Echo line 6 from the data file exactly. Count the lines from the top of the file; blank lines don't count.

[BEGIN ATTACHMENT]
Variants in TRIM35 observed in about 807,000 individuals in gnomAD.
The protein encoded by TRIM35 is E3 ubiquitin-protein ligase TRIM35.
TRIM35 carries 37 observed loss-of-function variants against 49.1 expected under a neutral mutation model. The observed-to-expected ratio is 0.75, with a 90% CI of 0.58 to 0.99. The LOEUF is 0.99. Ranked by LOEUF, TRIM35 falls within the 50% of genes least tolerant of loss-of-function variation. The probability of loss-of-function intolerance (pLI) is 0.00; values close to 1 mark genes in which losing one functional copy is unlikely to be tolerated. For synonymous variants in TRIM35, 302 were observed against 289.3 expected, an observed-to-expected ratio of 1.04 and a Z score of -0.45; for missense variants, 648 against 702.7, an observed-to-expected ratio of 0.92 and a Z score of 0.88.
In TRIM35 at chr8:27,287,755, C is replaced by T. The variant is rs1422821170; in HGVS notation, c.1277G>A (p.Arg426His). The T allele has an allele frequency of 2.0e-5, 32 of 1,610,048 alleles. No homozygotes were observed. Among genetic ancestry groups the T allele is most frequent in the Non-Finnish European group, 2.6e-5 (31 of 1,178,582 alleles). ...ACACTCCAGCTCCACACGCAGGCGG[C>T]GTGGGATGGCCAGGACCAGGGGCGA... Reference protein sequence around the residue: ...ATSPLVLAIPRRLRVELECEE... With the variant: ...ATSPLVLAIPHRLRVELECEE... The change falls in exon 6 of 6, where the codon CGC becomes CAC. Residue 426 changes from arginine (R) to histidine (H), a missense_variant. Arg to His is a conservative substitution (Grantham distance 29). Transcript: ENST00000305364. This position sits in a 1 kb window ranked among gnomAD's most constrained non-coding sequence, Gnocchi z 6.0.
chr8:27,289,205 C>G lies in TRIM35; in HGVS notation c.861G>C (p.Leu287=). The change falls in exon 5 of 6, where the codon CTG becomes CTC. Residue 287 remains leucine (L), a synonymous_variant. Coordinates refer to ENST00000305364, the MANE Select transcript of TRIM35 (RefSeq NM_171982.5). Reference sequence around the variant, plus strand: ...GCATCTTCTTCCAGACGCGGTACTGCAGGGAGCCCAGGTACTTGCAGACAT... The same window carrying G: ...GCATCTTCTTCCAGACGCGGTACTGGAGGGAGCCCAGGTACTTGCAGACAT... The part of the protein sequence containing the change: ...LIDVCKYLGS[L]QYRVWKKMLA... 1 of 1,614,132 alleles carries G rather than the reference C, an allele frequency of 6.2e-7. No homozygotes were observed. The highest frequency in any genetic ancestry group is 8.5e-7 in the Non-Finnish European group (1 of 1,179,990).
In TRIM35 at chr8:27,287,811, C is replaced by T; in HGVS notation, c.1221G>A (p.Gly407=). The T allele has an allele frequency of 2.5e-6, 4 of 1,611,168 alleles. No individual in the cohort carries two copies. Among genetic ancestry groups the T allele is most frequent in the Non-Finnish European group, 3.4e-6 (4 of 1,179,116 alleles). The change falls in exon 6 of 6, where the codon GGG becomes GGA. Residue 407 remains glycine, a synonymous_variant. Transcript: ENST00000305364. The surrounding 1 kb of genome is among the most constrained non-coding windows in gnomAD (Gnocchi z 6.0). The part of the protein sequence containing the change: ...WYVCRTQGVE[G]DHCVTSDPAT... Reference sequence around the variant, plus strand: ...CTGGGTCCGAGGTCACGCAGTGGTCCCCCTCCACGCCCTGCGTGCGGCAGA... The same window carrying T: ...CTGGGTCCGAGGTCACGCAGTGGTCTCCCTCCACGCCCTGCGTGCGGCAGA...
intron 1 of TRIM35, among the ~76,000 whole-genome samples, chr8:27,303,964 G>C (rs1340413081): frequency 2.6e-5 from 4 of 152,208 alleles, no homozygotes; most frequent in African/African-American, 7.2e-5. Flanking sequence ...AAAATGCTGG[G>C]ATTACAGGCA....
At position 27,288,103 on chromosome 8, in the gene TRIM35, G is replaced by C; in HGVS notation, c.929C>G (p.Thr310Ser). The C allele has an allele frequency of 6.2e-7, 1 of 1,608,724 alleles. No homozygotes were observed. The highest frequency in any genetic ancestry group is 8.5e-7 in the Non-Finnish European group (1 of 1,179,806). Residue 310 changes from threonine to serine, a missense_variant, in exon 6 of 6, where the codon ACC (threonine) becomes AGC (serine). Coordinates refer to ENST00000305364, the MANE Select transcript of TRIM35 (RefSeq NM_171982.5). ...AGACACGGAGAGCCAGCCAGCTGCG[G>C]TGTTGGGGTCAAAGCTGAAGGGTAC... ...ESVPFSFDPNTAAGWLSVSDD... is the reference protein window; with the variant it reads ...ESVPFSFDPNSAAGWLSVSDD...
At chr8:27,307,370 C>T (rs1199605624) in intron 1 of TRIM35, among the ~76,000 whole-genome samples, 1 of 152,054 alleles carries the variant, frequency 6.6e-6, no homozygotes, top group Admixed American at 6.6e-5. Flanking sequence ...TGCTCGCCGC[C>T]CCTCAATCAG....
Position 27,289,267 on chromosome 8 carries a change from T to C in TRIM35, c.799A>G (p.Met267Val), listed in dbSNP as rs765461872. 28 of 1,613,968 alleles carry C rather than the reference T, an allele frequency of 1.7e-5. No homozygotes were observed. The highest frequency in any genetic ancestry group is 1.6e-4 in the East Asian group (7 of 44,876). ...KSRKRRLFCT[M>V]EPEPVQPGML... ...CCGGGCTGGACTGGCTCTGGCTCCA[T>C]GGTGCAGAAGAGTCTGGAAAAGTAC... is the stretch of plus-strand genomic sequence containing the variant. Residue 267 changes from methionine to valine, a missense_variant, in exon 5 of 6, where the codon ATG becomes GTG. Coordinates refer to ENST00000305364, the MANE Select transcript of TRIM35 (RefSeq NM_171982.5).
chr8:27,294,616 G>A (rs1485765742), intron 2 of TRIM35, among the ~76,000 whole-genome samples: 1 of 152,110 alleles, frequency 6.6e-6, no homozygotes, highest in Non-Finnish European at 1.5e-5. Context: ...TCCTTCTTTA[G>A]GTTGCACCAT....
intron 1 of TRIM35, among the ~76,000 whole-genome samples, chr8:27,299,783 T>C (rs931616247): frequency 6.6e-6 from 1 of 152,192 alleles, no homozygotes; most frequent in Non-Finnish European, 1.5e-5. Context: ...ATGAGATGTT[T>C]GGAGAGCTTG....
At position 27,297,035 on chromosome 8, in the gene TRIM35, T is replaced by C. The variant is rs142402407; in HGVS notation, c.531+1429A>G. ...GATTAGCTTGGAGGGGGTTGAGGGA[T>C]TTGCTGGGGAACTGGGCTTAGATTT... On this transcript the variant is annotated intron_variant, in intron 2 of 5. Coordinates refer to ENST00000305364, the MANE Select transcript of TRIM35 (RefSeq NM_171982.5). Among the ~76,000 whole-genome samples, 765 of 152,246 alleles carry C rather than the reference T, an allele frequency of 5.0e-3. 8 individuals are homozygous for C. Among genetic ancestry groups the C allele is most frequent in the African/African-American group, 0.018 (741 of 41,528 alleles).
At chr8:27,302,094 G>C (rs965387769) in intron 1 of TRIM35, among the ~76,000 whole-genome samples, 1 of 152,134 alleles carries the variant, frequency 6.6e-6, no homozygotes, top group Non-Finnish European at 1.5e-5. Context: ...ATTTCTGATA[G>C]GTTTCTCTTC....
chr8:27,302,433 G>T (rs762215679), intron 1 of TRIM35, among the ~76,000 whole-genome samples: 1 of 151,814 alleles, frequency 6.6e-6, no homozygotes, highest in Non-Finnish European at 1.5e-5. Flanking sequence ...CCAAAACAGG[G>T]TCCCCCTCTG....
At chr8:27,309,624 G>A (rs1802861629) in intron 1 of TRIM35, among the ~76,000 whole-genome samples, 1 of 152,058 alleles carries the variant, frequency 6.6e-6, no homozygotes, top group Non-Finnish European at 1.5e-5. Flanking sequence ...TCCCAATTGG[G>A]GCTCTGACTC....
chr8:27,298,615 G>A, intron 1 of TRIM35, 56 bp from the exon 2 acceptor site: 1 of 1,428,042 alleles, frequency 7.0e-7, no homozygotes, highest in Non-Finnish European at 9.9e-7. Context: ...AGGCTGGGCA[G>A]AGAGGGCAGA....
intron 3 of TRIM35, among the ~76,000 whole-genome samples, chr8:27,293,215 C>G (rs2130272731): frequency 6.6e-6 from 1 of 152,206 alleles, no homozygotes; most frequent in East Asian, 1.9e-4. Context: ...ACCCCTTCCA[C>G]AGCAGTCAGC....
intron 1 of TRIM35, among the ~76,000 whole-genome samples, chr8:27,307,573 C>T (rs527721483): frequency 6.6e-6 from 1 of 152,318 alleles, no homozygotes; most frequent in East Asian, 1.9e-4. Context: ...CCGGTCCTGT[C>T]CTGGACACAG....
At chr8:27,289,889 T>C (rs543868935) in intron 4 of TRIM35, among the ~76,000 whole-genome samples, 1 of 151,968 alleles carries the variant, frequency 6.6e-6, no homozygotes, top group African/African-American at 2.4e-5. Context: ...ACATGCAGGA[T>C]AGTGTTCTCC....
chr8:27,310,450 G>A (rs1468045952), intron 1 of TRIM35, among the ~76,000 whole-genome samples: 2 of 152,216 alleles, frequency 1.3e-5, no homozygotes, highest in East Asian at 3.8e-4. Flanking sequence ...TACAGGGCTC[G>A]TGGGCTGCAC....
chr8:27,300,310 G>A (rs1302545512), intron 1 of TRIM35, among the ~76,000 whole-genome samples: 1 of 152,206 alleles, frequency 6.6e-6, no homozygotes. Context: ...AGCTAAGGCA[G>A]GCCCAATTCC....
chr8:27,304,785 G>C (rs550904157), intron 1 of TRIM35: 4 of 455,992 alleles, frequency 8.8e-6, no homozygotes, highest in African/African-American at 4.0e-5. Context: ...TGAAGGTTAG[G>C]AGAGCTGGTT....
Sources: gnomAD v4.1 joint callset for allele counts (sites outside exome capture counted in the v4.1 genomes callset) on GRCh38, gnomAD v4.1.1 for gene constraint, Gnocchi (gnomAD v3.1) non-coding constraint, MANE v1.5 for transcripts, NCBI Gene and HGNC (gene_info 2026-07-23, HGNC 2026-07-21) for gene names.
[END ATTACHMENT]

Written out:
In TRIM35 at chr8:27,287,811, C is replaced by T; in HGVS notation, c.1221G>A (p.Gly407=). The T allele has an allele frequency of 2.5e-6, 4 of 1,611,168 alleles. No individual in the cohort carries two copies. Among genetic ancestry groups the T allele is most frequent in the Non-Finnish European group, 3.4e-6 (4 of 1,179,116 alleles). The change falls in exon 6 of 6, where the codon GGG becomes GGA. Residue 407 remains glycine, a synonymous_variant. Transcript: ENST00000305364. The surrounding 1 kb of genome is among the most constrained non-coding windows in gnomAD (Gnocchi z 6.0). The part of the protein sequence containing the change: ...WYVCRTQGVE[G]DHCVTSDPAT... Reference sequence around the variant, plus strand: ...CTGGGTCCGAGGTCACGCAGTGGTCCCCCTCCACGCCCTGCGTGCGGCAGA... The same window carrying T: ...CTGGGTCCGAGGTCACGCAGTGGTCTCCCTCCACGCCCTGCGTGCGGCAGA...